Monday, November 23, 2009

Chrome OS: The big misunderstanding

For some reason people are mistakenly calling Chrome OS a Windows killer. The more I read the comments that come with articles on Google's newly open-sourced Chrome OS, the more I realise people don't actually read the articles. Some people will comment that they believe Chrome OS will be a replacement and actually beat other desktop operating systems like Windows or the Linux operating systems. If people actually read what Chrome OS is and what it does they would realise this is simply not the case.

Google stated pretty blatantly that Chrome OS is basically a web browser built as an operating system. It is being designed to be installed on netbook computers and will only give access to the Internet and the associated applications. Files will not be stored on the local file system as we know it today. The only local storage will be as a cache. All files are permanently stored on the cloud.

The devices that will have Chrome OS installed on them will be, according to Google, companion devices. Most people will have their traditional, full-blown desktop machine or laptop and a Chrome OS netbook. The netbook will be useful for the times you are out and about and want to quickly access your email, Twitter, Google Apps, etc.

There is a good reason for this, again according to Google. They want to create an experience with the device whereby if you happen to lose it, it breaks or gets stolen you can just pick up a new device, login and all that data is still available. Also, with no local applications they can also make the OS more secure. If there is an application running that shouldn't be there, and by default there should be no apps apart from what is included on purchase, then Chrome OS can reset the entire device. Again, all your data is stored remotely, so you lose nothing with a reset, just a local cached copy.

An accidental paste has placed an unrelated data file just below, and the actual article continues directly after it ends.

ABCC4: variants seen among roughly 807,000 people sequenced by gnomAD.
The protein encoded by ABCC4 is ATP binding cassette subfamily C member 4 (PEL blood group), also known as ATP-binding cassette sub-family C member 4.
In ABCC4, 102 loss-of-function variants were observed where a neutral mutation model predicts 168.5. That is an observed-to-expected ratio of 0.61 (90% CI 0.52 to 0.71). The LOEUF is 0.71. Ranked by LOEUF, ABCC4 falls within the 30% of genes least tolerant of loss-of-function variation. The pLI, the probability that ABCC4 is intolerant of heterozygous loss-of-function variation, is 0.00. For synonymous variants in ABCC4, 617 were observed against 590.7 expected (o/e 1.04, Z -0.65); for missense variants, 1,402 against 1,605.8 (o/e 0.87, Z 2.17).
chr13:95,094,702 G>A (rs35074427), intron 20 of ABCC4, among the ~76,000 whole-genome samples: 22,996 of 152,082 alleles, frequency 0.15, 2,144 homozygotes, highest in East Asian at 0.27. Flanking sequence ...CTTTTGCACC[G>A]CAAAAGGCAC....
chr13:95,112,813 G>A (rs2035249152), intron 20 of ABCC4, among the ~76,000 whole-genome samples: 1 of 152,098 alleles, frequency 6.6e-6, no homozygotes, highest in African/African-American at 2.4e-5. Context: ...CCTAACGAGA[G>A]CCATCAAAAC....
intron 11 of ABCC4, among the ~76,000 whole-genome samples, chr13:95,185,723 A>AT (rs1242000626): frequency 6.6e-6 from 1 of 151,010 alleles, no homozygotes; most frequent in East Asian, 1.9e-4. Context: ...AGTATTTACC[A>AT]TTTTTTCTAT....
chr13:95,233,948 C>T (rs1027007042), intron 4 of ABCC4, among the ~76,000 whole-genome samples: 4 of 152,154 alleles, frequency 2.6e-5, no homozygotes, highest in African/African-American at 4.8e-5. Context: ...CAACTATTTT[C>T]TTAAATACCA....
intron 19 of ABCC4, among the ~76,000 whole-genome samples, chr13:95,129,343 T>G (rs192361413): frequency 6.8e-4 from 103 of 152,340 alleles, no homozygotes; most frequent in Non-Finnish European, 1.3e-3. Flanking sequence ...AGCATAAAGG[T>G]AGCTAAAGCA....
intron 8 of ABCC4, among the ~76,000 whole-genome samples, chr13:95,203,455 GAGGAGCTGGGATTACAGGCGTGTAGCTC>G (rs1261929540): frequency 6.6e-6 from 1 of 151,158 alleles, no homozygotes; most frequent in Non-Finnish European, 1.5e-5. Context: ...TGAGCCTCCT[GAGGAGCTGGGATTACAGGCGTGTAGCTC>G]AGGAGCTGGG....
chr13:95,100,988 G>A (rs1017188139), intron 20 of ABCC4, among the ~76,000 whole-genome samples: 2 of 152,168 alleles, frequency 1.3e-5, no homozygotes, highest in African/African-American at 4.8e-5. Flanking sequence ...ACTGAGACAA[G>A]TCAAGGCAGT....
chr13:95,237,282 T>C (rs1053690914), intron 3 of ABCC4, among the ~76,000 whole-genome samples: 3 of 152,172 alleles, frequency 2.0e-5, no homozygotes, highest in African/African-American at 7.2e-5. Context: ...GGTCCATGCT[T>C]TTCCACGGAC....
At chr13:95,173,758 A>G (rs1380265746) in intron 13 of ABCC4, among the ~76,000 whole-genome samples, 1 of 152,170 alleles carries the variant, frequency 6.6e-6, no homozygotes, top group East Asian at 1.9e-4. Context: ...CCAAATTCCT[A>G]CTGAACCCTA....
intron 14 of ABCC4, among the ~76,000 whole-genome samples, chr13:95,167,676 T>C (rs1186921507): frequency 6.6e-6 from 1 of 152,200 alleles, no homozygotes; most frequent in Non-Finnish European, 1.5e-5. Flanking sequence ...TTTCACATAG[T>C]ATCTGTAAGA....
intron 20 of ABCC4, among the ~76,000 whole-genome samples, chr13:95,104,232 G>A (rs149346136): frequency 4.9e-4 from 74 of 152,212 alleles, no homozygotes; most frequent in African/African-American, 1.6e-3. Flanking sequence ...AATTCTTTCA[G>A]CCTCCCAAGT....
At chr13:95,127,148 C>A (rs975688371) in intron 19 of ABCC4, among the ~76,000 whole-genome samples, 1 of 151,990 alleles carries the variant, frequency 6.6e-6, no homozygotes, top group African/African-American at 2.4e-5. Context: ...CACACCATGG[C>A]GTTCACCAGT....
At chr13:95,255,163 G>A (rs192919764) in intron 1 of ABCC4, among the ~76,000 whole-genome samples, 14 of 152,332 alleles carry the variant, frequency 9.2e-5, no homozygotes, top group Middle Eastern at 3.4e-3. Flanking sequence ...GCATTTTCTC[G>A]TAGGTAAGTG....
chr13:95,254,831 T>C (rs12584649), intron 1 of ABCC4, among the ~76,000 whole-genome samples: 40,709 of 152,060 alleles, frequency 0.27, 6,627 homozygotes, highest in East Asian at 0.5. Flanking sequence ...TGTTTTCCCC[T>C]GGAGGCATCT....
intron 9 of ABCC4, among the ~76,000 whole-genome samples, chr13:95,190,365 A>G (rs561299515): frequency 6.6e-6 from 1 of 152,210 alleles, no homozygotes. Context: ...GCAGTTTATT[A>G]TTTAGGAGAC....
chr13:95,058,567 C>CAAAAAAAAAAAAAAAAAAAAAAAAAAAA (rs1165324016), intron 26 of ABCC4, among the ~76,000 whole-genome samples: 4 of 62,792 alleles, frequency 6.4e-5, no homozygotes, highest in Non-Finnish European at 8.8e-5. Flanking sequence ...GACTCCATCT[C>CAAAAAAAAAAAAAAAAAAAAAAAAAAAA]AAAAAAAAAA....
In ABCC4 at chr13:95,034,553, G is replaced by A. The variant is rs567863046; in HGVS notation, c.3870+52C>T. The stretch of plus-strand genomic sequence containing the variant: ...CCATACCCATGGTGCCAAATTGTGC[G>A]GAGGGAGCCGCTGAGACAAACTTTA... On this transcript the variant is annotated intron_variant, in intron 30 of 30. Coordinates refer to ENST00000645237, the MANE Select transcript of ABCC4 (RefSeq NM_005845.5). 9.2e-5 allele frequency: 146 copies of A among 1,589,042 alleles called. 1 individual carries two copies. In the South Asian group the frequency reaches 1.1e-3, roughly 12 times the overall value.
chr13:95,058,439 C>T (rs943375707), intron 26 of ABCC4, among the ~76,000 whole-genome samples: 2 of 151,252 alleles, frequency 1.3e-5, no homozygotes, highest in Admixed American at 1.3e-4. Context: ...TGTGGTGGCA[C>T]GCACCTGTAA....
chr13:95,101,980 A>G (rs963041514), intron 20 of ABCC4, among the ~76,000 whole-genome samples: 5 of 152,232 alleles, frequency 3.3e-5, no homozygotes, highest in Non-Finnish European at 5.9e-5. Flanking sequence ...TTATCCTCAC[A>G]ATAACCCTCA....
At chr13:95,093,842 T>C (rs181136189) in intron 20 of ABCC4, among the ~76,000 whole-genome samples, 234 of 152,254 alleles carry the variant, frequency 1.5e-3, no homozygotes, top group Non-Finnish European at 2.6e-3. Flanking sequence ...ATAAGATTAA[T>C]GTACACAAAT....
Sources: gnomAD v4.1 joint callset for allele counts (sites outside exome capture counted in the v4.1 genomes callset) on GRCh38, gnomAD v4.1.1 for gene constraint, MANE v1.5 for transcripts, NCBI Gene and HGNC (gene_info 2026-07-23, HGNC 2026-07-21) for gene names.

These features, while a great idea, mean that Chrome OS is by no means a replacement for your current desktop operating system. There are just too many things that need a desktop application that the cloud does not yet provide for. But if you're an online connected kind of person you will find use for it.

What Chrome OS may do, however, is start to push people toward the cloud a bit more. If you use a Chrome OS device, you will need to make sure your documents are stored somewhere that would be available to you over the Internet. And, if you do start storing and even working on all your documents and work over the Internet from your desktop machine, only then will Chrome OS look like a viable alternative to your current desktop OS.

This is a very clever tactic by Google, because, while the world isn't ready for running everything off the Internet right now, Google's business is the Internet, and by releasing an operating system that starts pushing people towards trusting and utilising the cloud for everything, they are inexorably increasing their reach and possibility for providing web based services to .... well everyone. Extend that a little further and this means big money potentially for the Internet giant.